- Soap for cleaning your brushes (dish soap works fine).
- Paint! See our recommendation list of colors just below.
Colors To Buy; Student Versus Artist Grade Paint
- Titanium White
- Cadmium Red Light
- Quinacridone Red
- Manganese Blue Hue
- Ultramarine Blue
- Permanent Green Light
- Phtalo Green
- Cadmium Yellow Medium
- Transparent Red Earth
We have chosen to go with a warm and cool tone of each color (except for yellow, but more on that later), plus basic Titanium White and Transparent Red Earth. You can purchase these paints in student grade quality for about $3-5 per tube, $7-10 per tube for artist grade, and the price goes up from there for expensive, quality paints. While quality is an important factor to consider when purchasing paints, we want you to have access to a wider range of colors and therefore suggest starting out with student grade paints in order to facilitate that. If you have the money to purchase these colors in artist grade formulas, then, by all means, go for it!
Shopping at DickBlick.com, these paints are about $7 for a 37 ml tube, depending on brand. Here are some brands to try:
Try the buddy system: find a friend who is also interested in painting! You can chip in together and split the cost or have money to buy more paint colors. Oil paints last a really long time and the only color you’ll need to buy with some frequency is white—all the other colors will last you years.
What’s The Difference Between Student Grade And Artist Grade Paint?
A lot of beginning painters are nervous to buy good quality paints because they’re afraid of wasting them, but good quality paints can really change your work for the better. Artist or professional grade paints are higher in pigment load (more pigment = better color, not so much filler). It’s like the difference between a fast food hamburger and making a burger yourself. The one from the fast food restaurant, though cheap, is full of filler while the one you make yourself is made from fresh, wholesome ingredients). Artist grade paints have more color variety (more to choose from) and less shift in color (some pigments are “fugitive” meaning they may fade over time). One of the biggest differences between Student and Artist grade paints is how they mix with white. Artist colors, because of their high pigment load, will retain their vibrancy when mixed with white while Student grade colors tend to dull out when mixed with white. See a demonstration of that here:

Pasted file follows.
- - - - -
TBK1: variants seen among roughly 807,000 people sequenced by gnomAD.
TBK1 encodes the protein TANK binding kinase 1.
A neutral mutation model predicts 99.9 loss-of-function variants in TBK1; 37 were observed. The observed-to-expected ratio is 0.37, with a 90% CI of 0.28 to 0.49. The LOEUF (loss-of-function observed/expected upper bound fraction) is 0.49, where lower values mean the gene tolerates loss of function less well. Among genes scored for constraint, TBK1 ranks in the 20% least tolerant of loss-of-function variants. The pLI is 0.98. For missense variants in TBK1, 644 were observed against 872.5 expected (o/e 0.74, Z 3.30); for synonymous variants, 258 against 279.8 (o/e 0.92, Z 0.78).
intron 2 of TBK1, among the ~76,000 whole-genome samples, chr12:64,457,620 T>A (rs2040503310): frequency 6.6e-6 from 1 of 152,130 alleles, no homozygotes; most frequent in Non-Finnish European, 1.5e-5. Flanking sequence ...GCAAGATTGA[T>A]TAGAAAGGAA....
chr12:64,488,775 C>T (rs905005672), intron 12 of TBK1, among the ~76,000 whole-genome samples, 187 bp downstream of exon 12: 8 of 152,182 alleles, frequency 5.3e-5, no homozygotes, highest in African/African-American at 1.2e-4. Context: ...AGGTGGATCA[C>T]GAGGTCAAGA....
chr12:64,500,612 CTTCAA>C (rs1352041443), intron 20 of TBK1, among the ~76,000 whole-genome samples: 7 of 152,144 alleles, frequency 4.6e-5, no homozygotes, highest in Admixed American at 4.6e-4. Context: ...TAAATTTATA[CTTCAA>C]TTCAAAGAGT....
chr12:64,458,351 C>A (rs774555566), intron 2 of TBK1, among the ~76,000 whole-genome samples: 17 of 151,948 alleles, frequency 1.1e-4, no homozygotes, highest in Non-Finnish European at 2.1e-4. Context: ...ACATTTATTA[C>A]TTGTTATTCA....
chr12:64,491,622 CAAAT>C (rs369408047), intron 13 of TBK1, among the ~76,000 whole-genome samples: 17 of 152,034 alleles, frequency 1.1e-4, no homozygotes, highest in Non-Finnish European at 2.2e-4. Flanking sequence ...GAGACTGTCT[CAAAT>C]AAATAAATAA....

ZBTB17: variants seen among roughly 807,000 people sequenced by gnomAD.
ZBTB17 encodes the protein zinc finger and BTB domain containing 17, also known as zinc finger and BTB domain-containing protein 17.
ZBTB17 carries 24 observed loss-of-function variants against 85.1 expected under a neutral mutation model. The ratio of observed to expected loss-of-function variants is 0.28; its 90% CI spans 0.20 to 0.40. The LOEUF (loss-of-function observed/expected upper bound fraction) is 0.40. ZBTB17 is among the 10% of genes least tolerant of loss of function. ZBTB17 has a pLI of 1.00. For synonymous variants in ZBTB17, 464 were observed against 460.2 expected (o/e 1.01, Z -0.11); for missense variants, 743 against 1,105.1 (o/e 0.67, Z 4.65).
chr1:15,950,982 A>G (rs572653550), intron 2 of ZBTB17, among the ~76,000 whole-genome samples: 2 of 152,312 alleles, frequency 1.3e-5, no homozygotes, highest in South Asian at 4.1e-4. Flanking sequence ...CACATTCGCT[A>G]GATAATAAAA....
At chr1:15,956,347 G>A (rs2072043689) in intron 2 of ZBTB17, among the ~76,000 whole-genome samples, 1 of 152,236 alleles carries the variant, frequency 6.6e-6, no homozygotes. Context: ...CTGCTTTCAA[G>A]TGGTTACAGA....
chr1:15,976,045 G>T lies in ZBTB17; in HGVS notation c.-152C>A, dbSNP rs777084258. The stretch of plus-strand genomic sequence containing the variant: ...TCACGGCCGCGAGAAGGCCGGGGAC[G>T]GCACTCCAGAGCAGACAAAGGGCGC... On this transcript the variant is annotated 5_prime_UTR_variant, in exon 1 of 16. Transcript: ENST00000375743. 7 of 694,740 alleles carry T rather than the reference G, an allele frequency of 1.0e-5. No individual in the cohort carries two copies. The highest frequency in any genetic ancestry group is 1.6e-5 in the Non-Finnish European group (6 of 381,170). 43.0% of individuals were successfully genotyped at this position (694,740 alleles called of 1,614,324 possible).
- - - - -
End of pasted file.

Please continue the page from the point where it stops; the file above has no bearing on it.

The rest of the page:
Some of the more expensive colors like cadmium red will only be available as hues in Student grade paints. A hue means that it is an imitation color and not the real thing, so you won’t get the color saturation with a hue that you would with the actual pigment. (Learn more about what these mean in our Basic Color Theory lesson.)
That being said, there are still some very good student grade paints on the market right now because of advances in technology that allow paint manufacturers to replicate traditional pigments with less expensive ingredients. Try Gamblin’s 1980 series paints, Grumbacher Academy, Sennelier Etude, or Utrecht oil paints.
Exercise One: Scavenger Hunt
Have your own scavenger hunt! Review our Traditional Oils Recommendation List and WMO Recommendation List so you have a reminder of items you might scavenge. How many of these items can you find already in your house? Instead of buying rags, find an old beach towel or t-shirt that can be used. Before you buy a plastic storage bin, try using a carry-on suitcase that only gets used once a year when you go on holiday or clean out a cardboard box in your garage. Many retired people have tried oil painting in the past and given up on it—search garage and estate sales for oil paints. Squeeze the tube to see if the paint still has some give to it. If the tube is stiff, air may have gotten into the tube and dried up the paint. If the tube still has a bit of “squish” to it then the paint is still good. When you get home, if they seem very oily, that’s okay—just squeeze out the excess oil and the paint is still good.
If you have access to a woodshop and are comfortable with building things, find some scrap wood and search Google for instructions on how to build your own easel. Making art does not have to break the bank!
We’ve written a lesson on Painting on a Budget if you need some ideas on how to keep your cost down and your creativity high!
Exercise Two: Budget
Come up with a budget. You’ll need to consider your personal budget before determining what supplies you can afford when shopping at your local art store or online.
If you want to use it, we’ve created a simple Excel budget workbook for you to download and use in figuring out your personal art budget:
You’ll notice our Traditional Oil Starter Budget came to $159.80 and the Full Budget was $234.70. Click on the tab at the bottom of the worksheet to see the other budget (see tabs circled in red in the screenshot below).
We have come up with our budgets by finding the recommended items at online retailers. For better bargains, try going to thrift stores, garage and yard sales, or purchase supplies with a friend or two so everyone can share in the cost and materials (and experience!) together.
As indicated on the Worksheet, enter the supplies you need under ‘Enter Quantity’ in Column G, and the Price per item in the adjacent column H. The Worksheet automatically computes your budget. See the screenshot below that shows you how to change the currency from US dollars to your currency, after highlighting Columns H and I.
Exercise Three: Recommendation List And Let’s Go Shopping
Now that you know what you need to buy, it’s time to go shopping. Download and print our Traditional Oils Recommendation List or WMO Recommendation List so you have it handy when you do your shopping. You may choose to go to an art store near you or do your shopping online.
Key Lesson Learnings: You’ve learned about the painting supplies for your chosen medium, the difference between artist and student grade paint, then budgeted and purchased the supplies you need to continue your studies. Great start!
Next Lesson: Oil Palettes